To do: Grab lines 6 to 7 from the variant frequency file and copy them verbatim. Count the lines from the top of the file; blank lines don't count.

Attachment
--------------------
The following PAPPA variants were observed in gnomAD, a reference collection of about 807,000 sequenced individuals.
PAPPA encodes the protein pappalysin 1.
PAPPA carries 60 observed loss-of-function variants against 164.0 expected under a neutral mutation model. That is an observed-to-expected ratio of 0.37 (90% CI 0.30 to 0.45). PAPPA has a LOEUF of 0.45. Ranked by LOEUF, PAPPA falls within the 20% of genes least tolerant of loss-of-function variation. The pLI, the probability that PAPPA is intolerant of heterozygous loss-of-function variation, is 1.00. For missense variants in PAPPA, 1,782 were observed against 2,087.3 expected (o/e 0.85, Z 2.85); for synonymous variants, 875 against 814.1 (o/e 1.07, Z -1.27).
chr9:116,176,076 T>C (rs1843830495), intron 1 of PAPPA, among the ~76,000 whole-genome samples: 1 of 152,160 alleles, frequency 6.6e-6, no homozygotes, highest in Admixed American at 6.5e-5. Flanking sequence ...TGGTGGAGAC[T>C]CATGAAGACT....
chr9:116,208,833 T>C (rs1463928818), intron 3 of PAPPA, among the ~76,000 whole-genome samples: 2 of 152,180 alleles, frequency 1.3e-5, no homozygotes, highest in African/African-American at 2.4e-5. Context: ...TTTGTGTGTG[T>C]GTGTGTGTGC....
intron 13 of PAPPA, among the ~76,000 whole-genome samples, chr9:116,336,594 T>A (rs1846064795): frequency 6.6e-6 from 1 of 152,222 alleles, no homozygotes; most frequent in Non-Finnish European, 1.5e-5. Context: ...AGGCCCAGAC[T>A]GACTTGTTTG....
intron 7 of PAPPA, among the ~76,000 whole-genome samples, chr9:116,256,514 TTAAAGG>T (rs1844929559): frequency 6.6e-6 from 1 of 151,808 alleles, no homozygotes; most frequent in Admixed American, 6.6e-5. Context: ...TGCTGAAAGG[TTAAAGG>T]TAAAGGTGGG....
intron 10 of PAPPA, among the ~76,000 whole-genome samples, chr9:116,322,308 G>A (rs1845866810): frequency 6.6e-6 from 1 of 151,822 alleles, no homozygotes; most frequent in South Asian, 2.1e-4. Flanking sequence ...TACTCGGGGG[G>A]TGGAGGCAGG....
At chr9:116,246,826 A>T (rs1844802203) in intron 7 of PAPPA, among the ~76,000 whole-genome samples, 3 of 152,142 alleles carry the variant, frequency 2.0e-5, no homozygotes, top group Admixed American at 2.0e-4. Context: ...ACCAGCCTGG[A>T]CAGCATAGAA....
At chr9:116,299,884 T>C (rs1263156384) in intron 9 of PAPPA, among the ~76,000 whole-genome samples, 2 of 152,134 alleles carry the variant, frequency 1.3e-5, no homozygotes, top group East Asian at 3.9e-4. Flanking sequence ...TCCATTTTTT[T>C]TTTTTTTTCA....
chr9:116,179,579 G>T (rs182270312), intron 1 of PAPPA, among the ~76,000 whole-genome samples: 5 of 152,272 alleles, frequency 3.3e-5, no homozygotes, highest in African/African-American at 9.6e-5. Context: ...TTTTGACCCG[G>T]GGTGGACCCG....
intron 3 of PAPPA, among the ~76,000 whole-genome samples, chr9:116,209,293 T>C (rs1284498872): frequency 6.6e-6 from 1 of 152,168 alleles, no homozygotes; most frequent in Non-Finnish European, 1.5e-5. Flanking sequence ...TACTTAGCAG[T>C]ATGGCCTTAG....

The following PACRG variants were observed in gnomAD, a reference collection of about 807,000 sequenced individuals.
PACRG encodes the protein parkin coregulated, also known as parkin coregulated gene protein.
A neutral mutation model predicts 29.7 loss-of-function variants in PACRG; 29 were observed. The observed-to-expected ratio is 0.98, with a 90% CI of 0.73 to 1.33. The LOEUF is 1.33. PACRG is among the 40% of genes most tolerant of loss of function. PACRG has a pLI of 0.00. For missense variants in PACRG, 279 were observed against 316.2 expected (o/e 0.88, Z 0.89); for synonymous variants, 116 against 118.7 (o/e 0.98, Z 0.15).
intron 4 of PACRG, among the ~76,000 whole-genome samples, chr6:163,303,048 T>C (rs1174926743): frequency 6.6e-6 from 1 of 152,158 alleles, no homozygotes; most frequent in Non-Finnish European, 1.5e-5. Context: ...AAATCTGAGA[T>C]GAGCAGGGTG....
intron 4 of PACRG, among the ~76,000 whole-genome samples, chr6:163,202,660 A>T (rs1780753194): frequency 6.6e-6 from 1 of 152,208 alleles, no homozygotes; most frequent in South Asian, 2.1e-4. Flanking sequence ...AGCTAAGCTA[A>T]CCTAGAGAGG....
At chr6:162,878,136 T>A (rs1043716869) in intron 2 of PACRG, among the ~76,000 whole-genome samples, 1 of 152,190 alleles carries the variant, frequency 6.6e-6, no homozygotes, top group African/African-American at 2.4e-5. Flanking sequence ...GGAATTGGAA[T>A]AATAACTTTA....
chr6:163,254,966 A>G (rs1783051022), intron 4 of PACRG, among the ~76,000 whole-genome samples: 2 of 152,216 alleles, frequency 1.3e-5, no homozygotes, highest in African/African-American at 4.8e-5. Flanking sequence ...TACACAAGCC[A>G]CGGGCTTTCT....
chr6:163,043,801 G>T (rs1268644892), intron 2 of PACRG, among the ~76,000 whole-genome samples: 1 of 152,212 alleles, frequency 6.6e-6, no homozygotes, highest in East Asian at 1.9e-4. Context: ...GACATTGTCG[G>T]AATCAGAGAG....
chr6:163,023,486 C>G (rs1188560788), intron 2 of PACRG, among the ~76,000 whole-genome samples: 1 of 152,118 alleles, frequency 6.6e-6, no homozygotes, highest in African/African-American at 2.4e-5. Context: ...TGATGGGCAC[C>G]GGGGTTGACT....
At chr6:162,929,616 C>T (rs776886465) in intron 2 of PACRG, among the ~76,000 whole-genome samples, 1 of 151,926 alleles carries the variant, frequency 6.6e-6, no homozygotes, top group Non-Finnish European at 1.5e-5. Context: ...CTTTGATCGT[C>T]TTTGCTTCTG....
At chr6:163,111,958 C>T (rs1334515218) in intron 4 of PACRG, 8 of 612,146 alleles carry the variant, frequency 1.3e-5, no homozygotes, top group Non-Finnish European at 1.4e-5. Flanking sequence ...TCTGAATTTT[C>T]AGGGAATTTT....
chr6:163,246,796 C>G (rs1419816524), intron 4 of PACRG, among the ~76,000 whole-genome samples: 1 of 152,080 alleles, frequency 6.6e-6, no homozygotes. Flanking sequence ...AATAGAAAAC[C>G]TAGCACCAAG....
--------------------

intron 13 of PAPPA, among the ~76,000 whole-genome samples, chr9:116,336,594 T>A (rs1846064795): frequency 6.6e-6 from 1 of 152,222 alleles, no homozygotes; most frequent in Non-Finnish European, 1.5e-5. Context: ...AGGCCCAGAC[T>A]GACTTGTTTG....
intron 7 of PAPPA, among the ~76,000 whole-genome samples, chr9:116,256,514 TTAAAGG>T (rs1844929559): frequency 6.6e-6 from 1 of 151,808 alleles, no homozygotes; most frequent in Admixed American, 6.6e-5. Context: ...TGCTGAAAGG[TTAAAGG>T]TAAAGGTGGG....